If you thought that, you are mistaken, but your mistake is understandable given that the former Speaker is certainly a bit cartoonish. Nevertheless, one would think that such careless drafting might counsel in favor of a decision forcing Congress to rethink its hastily crafted catastrophe. But, this is the ACA we are talking about, so it did not. In fact, the Chief Justice actually used the artless efforts of these draftsmen as an additional justification to ignore the plain text of the statute.
A fair reading of this opinion leads to one indisputable conclusion: this is results-based judicial activism on the part of the Chief Justice and the Court. The Chief Justice even concedes this point in his opinion. “Here, the statutory scheme compels us to reject petitioner’s interpretation because it would destabilize the individual insurance market in any State with a Federal Exchange, and likely create the very ‘death spirals’ that Congress designed the Act to avoid.”
But, wait, there’s more. The Chief Justice concludes that “the context and structure of the Act compel us to depart from what would otherwise be the most natural reading of the pertinent statutory phrase.” Put simply, “we do not like the result that the plain language of the statute yields, so we are not going to enforce it according to its plain terms.” That is textbook judicial activism and results-based reasoning.
Justice Scalia summarized the Chief Justice’s opinion this way: “The Court holds that when the [ACA] says ‘Exchange established by the State’ it means ‘Exchange established by the State or the Federal Government.’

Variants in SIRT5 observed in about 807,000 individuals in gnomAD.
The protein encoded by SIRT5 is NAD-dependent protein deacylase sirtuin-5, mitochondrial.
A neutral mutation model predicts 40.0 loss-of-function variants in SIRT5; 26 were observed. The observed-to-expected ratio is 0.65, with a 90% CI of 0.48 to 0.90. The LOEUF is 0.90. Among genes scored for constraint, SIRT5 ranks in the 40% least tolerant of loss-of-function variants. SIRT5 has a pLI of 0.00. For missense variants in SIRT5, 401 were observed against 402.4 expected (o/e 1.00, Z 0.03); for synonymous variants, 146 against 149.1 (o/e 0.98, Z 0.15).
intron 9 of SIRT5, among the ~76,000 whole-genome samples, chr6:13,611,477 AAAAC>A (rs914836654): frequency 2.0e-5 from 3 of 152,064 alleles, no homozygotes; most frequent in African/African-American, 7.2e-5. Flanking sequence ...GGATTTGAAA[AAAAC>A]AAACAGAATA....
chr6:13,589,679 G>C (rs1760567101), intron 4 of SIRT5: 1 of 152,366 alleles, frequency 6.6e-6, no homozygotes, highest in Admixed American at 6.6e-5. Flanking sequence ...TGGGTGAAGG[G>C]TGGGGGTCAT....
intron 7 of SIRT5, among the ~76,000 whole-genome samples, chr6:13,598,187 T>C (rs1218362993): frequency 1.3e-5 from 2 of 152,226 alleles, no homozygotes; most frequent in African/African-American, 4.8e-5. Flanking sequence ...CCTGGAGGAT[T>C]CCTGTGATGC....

This is of course quite absurd.” A plain reading of the simple four-word phrase established by the State should have yielded an obvious result. Justice Scalia thought so. “Words no longer have meaning if an Exchange that is not established by a State is ‘established by the State.’ . . . Under all the usual rules of interpretation, in short, the Government should lose this case.
But normal rules of interpretation seem always to yield to the overriding principle of the present Court: The Affordable Care Act must be saved.” Yes, according to the Chief Justice and the current Court, all logic, reason, and proper judicial interpretation must succumb to the dictates of the ACA.
As Justice Scalia rightly notes, to say that the phrase “established by the State” somehow means established by the State and not established by the State strains credulity. Indeed, one must have “no semblance of shame” to derive this “impossible possibility” from the text of the ACA.
It is certainly true, as the Chief Justice stated, that context matters when interpreting statutory language. Nevertheless, context matters for a precise reason. As Justice Scalia notes, “It is a tool for understanding the terms of the law, not an excuse for rewriting them.” Yet the Chief Justice did precisely that.
The Court’s decision today vastly exceeds the appropriate judicial power given it by the Constitution, and it does so all in the name of upholding the worst intrusion into the lives of the American people that has probably ever existed. Make no mistake, the decision today, like the decision on the ACA before, is a tragedy.
Concluding that the Court had engaged in unbelievable activism yet again, as it had done the first time it decided the fate of the artist formerly known as Obamacare, Justice Scalia opined that “[w]e should start calling this law SCOTUScare.” But, while Justice Scalia was unquestionably correct on everything else in his opinion, he is mistaken on the name. “Who would ever have dreamt that ‘Exchange established by the State’ means ‘Exchange established by the State or the Federal Government.’” Well, apparently, the Chief Justice.
Obamacare, I have re-named thee, and thy name is ROBERTScare.